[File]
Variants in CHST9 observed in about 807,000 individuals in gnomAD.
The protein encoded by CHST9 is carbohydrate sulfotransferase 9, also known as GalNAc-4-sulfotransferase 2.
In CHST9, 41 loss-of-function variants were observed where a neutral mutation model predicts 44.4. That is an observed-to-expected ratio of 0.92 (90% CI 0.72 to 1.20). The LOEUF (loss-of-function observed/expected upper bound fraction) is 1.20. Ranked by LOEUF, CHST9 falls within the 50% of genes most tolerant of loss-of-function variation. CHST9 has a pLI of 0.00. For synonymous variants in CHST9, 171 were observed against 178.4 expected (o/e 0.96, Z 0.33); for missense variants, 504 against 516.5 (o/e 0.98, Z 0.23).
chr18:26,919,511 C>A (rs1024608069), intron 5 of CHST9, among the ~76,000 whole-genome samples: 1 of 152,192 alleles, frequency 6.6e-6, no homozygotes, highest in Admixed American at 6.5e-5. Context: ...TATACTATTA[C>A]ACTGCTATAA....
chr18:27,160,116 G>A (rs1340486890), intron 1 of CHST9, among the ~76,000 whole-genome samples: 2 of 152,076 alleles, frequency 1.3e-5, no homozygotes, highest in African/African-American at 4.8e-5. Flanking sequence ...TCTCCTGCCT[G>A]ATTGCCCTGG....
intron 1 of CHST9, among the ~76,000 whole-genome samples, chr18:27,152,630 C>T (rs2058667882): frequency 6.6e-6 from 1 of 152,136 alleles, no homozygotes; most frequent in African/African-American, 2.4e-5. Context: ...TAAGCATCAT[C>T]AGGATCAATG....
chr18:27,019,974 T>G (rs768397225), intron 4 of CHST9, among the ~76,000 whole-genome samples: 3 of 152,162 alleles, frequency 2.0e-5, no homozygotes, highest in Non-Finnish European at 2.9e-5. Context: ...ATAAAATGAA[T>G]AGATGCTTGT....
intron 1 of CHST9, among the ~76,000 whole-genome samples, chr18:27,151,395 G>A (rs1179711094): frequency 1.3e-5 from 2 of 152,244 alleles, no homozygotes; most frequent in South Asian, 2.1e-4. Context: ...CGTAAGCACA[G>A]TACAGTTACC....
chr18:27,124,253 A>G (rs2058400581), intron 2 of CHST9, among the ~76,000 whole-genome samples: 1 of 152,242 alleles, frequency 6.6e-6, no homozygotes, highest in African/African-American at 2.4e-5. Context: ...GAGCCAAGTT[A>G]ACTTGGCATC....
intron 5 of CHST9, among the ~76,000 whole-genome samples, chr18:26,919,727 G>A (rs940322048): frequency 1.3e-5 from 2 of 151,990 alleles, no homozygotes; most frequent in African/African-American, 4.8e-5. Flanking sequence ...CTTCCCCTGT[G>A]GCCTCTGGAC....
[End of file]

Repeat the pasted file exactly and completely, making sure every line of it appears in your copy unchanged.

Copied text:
Variants in CHST9 observed in about 807,000 individuals in gnomAD.
The protein encoded by CHST9 is carbohydrate sulfotransferase 9, also known as GalNAc-4-sulfotransferase 2.
In CHST9, 41 loss-of-function variants were observed where a neutral mutation model predicts 44.4. That is an observed-to-expected ratio of 0.92 (90% CI 0.72 to 1.20). The LOEUF (loss-of-function observed/expected upper bound fraction) is 1.20. Ranked by LOEUF, CHST9 falls within the 50% of genes most tolerant of loss-of-function variation. CHST9 has a pLI of 0.00. For synonymous variants in CHST9, 171 were observed against 178.4 expected (o/e 0.96, Z 0.33); for missense variants, 504 against 516.5 (o/e 0.98, Z 0.23).
chr18:26,919,511 C>A (rs1024608069), intron 5 of CHST9, among the ~76,000 whole-genome samples: 1 of 152,192 alleles, frequency 6.6e-6, no homozygotes, highest in Admixed American at 6.5e-5. Context: ...TATACTATTA[C>A]ACTGCTATAA....
chr18:27,160,116 G>A (rs1340486890), intron 1 of CHST9, among the ~76,000 whole-genome samples: 2 of 152,076 alleles, frequency 1.3e-5, no homozygotes, highest in African/African-American at 4.8e-5. Flanking sequence ...TCTCCTGCCT[G>A]ATTGCCCTGG....
intron 1 of CHST9, among the ~76,000 whole-genome samples, chr18:27,152,630 C>T (rs2058667882): frequency 6.6e-6 from 1 of 152,136 alleles, no homozygotes; most frequent in African/African-American, 2.4e-5. Context: ...TAAGCATCAT[C>T]AGGATCAATG....
chr18:27,019,974 T>G (rs768397225), intron 4 of CHST9, among the ~76,000 whole-genome samples: 3 of 152,162 alleles, frequency 2.0e-5, no homozygotes, highest in Non-Finnish European at 2.9e-5. Context: ...ATAAAATGAA[T>G]AGATGCTTGT....
intron 1 of CHST9, among the ~76,000 whole-genome samples, chr18:27,151,395 G>A (rs1179711094): frequency 1.3e-5 from 2 of 152,244 alleles, no homozygotes; most frequent in South Asian, 2.1e-4. Context: ...CGTAAGCACA[G>A]TACAGTTACC....
chr18:27,124,253 A>G (rs2058400581), intron 2 of CHST9, among the ~76,000 whole-genome samples: 1 of 152,242 alleles, frequency 6.6e-6, no homozygotes, highest in African/African-American at 2.4e-5. Context: ...GAGCCAAGTT[A>G]ACTTGGCATC....
intron 5 of CHST9, among the ~76,000 whole-genome samples, chr18:26,919,727 G>A (rs940322048): frequency 1.3e-5 from 2 of 151,990 alleles, no homozygotes; most frequent in African/African-American, 4.8e-5. Flanking sequence ...CTTCCCCTGT[G>A]GCCTCTGGAC....